Such a reduction meant Sri Lanka would not face a total ban immediately, Premajayantha told the newspaper.
Earlier, a total ban was expected to come into force from June this year fuelling fears that the country may face a serious fuel crisis, the newspaper said.
Sri Lanka imports as much as 93 per cent of its annual crude oil requirements from Iran.
“The concession to reduce crude oil imports only by 15 percent was a result of the appeal made to the US earlier,” Premajayantha said.
The newspaper quoted a spokesman for the US embassy in Colombo as saying: “The US is in active discussions with the Government of Sri Lanka about the plans to reduce imports of Iranian crude oil,” but said he did not elaborate on the concession reported to have been given.
The Sunday Times newspaper also quoted Premajayantha as saying the government was now looking for other sources for its crude oil supplies with talks underway with Saudi Arabia and Oman.Last week the Oman Oil Company (OOC) and the state-run Ceylon Petroleum Corporation (CPC) signed a memorandum of understanding in energy related activities during a visit to Colombo by an Omani delegation.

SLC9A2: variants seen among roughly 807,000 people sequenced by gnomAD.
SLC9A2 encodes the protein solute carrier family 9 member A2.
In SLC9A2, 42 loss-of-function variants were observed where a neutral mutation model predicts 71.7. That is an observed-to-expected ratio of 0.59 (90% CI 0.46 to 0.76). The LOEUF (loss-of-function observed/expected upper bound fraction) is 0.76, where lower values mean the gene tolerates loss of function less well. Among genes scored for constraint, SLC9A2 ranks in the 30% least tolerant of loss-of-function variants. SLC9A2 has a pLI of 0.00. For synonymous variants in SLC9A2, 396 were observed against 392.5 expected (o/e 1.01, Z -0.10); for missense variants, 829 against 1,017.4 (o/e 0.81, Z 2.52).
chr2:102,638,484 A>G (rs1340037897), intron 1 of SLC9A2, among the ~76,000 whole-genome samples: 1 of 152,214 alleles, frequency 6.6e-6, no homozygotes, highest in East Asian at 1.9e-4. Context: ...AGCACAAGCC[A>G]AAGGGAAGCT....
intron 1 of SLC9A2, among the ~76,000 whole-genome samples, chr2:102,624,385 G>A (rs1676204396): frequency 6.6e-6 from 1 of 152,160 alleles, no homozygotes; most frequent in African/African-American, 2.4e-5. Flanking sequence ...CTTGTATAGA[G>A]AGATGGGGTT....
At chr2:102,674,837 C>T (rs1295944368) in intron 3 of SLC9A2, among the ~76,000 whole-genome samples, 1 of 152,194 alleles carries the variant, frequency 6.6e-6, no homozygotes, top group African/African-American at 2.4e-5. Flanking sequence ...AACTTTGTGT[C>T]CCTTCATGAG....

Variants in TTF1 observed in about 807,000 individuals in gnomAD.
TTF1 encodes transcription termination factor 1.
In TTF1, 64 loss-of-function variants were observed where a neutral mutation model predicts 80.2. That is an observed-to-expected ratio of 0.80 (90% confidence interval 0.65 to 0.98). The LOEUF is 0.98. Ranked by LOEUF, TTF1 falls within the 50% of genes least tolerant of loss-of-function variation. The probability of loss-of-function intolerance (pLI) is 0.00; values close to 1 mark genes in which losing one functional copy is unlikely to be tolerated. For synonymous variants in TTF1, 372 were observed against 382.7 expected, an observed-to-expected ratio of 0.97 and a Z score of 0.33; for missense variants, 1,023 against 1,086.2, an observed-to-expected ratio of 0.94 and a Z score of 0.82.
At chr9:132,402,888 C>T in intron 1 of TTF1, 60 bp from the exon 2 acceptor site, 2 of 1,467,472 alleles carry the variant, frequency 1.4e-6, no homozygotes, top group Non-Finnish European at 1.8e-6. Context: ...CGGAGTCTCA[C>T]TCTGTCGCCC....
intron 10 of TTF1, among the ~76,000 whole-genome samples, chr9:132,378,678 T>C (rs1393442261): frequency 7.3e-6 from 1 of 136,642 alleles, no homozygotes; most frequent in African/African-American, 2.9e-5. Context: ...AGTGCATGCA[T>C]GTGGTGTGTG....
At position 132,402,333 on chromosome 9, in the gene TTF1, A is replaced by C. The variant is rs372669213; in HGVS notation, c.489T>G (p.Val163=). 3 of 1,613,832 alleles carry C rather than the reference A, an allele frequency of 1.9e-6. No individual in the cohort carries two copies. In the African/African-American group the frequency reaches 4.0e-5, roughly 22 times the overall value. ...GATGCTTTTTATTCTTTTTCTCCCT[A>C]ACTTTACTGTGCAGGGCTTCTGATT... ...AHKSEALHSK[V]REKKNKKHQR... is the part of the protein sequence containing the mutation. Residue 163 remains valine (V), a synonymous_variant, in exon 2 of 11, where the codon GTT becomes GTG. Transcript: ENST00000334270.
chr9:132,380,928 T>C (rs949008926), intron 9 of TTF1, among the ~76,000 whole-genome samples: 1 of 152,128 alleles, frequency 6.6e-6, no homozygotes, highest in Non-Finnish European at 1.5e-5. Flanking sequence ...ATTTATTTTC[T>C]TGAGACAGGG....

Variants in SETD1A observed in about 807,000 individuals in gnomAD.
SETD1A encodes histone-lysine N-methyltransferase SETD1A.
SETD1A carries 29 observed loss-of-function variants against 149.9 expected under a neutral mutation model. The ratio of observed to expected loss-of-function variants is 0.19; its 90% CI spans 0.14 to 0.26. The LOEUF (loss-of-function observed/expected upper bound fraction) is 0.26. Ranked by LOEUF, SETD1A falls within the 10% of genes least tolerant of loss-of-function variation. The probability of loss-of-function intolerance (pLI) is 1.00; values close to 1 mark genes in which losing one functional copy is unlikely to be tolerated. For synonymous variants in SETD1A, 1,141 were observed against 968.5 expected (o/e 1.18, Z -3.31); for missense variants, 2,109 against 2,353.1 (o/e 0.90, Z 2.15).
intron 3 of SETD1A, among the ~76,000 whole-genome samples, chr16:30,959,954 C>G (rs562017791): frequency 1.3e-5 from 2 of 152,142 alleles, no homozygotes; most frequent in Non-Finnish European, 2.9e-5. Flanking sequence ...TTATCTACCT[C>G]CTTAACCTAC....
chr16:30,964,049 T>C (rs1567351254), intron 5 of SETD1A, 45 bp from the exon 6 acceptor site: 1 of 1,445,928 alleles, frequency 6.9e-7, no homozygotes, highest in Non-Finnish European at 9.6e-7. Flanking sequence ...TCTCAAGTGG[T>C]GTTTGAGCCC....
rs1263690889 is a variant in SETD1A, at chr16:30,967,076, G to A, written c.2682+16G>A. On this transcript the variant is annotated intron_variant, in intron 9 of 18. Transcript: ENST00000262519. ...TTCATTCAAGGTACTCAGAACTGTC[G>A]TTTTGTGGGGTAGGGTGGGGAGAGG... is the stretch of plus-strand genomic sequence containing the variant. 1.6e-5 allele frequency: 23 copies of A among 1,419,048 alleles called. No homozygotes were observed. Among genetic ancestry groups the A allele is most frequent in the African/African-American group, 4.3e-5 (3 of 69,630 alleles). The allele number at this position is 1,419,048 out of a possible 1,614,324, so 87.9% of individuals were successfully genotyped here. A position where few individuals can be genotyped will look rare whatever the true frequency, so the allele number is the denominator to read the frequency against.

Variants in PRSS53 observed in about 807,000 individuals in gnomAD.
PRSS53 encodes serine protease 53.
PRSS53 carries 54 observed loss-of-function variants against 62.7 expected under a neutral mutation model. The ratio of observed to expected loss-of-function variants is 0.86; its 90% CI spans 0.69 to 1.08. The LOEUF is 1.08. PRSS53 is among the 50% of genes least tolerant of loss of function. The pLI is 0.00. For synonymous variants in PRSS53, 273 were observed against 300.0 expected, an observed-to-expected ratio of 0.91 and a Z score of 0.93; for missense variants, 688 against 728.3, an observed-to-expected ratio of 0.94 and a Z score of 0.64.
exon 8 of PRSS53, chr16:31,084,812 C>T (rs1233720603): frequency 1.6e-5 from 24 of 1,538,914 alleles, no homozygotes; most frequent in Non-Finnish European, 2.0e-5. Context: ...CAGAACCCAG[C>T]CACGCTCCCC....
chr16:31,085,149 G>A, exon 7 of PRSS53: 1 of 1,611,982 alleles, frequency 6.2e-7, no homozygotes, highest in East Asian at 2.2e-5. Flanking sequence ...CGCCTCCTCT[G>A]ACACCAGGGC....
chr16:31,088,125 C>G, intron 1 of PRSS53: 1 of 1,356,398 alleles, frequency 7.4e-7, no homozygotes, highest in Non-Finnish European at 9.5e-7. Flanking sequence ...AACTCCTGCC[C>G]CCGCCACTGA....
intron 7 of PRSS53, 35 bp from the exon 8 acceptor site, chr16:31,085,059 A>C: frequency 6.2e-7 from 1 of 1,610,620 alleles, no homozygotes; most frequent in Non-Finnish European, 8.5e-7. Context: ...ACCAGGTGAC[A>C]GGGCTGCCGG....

Premajayantha said this will be followed by a top level technical delegation from Sri Lanka visiting Oman next week to look at the feasibility of importing crude oil, the quantities and to work out other modalities before entering into any buying agreement.
The CPC has also entered into another agreement with Vietnam’s Viet Petrol Co. Ltd to buy refined petroleum from that country, the newspaper said.